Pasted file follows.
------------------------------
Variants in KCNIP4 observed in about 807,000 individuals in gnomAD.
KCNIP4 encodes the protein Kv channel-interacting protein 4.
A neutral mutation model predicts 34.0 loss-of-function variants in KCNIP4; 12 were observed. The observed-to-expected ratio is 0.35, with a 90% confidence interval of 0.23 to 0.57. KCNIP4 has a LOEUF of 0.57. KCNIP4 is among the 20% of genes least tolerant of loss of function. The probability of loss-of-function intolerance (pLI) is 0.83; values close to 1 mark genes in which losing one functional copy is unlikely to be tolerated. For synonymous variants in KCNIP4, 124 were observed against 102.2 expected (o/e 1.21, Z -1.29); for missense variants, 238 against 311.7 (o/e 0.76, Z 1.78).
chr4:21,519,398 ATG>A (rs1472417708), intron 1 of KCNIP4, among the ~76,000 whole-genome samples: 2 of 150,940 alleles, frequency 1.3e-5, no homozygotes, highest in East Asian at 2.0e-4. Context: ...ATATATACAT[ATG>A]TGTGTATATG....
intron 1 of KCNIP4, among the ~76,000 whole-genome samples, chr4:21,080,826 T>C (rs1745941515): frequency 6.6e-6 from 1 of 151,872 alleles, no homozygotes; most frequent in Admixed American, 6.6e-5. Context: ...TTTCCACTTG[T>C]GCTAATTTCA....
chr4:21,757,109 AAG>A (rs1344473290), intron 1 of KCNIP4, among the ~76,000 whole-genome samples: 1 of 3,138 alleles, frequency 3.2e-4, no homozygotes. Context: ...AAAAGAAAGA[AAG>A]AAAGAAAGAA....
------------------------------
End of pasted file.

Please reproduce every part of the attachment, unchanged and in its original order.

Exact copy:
Variants in KCNIP4 observed in about 807,000 individuals in gnomAD.
KCNIP4 encodes the protein Kv channel-interacting protein 4.
A neutral mutation model predicts 34.0 loss-of-function variants in KCNIP4; 12 were observed. The observed-to-expected ratio is 0.35, with a 90% confidence interval of 0.23 to 0.57. KCNIP4 has a LOEUF of 0.57. KCNIP4 is among the 20% of genes least tolerant of loss of function. The probability of loss-of-function intolerance (pLI) is 0.83; values close to 1 mark genes in which losing one functional copy is unlikely to be tolerated. For synonymous variants in KCNIP4, 124 were observed against 102.2 expected (o/e 1.21, Z -1.29); for missense variants, 238 against 311.7 (o/e 0.76, Z 1.78).
chr4:21,519,398 ATG>A (rs1472417708), intron 1 of KCNIP4, among the ~76,000 whole-genome samples: 2 of 150,940 alleles, frequency 1.3e-5, no homozygotes, highest in East Asian at 2.0e-4. Context: ...ATATATACAT[ATG>A]TGTGTATATG....
intron 1 of KCNIP4, among the ~76,000 whole-genome samples, chr4:21,080,826 T>C (rs1745941515): frequency 6.6e-6 from 1 of 151,872 alleles, no homozygotes; most frequent in Admixed American, 6.6e-5. Context: ...TTTCCACTTG[T>C]GCTAATTTCA....
chr4:21,757,109 AAG>A (rs1344473290), intron 1 of KCNIP4, among the ~76,000 whole-genome samples: 1 of 3,138 alleles, frequency 3.2e-4, no homozygotes. Context: ...AAAAGAAAGA[AAG>A]AAAGAAAGAA....